Taken in that context, the question to me is no longer one of moral ambiguity, but rather one of a moral imperative. The new paradigm of which I speak is one in which we, as members of an industry, produce products that entertain within the context of providing a tool with which we, as members of society, can broaden our understanding of the nature of the world in which we live.
Such a definition of meaning comes with its own challenges. It entails that the subject be approached with a certain sensitivity to its purpose. I do not believe that that sensitivity can be meaningfully defined. Each game designer (and game player) must reach his own conclusion. Awareness of it, though, must reside firmly in the designer’s mind, because it can never serve our purpose to trivialize conflict in such a way that it alienates the hobby further from the rest of society.
I am 'on holiday' and have unreliable access to a computer and so should probably not bother with this discussion right now, but in for a penny, in for a pound...
I think the statement above:
"In its simplest form, we play games about the death and destruction of peoples and cultures. Taken on its face, it’s easy to see how such a simple definition of the hobby can raise the eyebrows, if not the hackles, of ordinary citizens."
Is somewhat wrong and leads the discussion in a wrong direction to a wrong conclusion in a rather ham-handed manner. It is a conclusion, unsupported by any fact (that I saw). The games are not always about death and destruction, although that certainly is part of what is abstracted in the math and paper and dice. In its simplest form, these games are just the reflections of what the various designer/developer/playtesters involved felt were useful in providing a model of what happened (or could have happened) based on decisions made by the decision makers involved. Thus it is about ideas.
The simple definition proposed in 'your' paragraph is what probably leads to the hackles. Using a somewhat more realistic 'simple definition' would destroy whatever message was being presented. I do agree that history, of ANY subject, is a teaching tool and I agree that the hobby could be presented better in that light. The glory comes from winning against a worthy opponent and in learning a bit of history.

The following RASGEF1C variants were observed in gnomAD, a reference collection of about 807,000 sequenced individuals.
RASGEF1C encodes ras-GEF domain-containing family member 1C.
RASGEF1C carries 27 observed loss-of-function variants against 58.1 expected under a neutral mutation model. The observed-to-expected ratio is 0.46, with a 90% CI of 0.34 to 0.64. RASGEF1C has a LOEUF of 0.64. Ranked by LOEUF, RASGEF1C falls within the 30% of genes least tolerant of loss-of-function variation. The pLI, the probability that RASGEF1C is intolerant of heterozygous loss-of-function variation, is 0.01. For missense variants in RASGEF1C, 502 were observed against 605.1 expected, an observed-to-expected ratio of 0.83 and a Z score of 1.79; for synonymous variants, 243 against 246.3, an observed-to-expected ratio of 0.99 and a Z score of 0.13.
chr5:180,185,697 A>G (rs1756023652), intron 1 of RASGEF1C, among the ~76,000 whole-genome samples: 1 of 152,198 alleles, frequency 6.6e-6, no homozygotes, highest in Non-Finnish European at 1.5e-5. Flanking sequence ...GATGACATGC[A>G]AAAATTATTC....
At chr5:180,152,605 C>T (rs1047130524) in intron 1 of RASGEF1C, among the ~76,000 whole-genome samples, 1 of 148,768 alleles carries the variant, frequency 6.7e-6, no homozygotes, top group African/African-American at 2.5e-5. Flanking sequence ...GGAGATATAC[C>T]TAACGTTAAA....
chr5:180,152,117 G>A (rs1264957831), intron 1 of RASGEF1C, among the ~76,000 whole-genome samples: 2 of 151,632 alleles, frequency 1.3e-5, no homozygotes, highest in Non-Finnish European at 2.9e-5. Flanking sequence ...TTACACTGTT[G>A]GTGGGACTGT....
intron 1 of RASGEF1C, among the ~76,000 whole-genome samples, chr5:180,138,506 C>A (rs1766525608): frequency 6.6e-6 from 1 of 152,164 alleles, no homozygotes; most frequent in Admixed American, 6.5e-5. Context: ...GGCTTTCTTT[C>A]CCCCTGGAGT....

People die in war, no question about it. That part makes me both ill, amazed, grateful and disgusted. Ill at the senseless nature underlying humanity - we are a violent pack-oriented species. Amazed at the grace and determination of those willing and able to risk their lives to stand up against that madness. Grateful that others were able to fight when I am not able - grateful for the freedom that I have in typing this. Disgusted that there still exist those who just will never get the message and will start more trouble.
Just my opinion, and I again apologize for using what may appear to be guerilla tactics here. I will try to get back to this discussion as I am able (unless I am asked to cease and desist - my intention is not to ignite a flame war, just presenting a different direction).
The paragraph describes what they are about, not what the definition of a wargame is; which is a completely different matter. Further, the statement attempts to describe why people who do not understand what wargaming is find it objectionable. If everyone understood what a wargame actually was, we wouldn't be having this discussion. The original post asked if we should feel guilty for our hobby. The only reason to feel that way is if one's understanding of it fails to go beyond what the games themselves represent or attempt to recreate. Thus, it's necessary to understand the problem before we can move toward any useful discussion about it's solution. Without wanting also to ignite a flame war, did you actually read what came after that paragraph?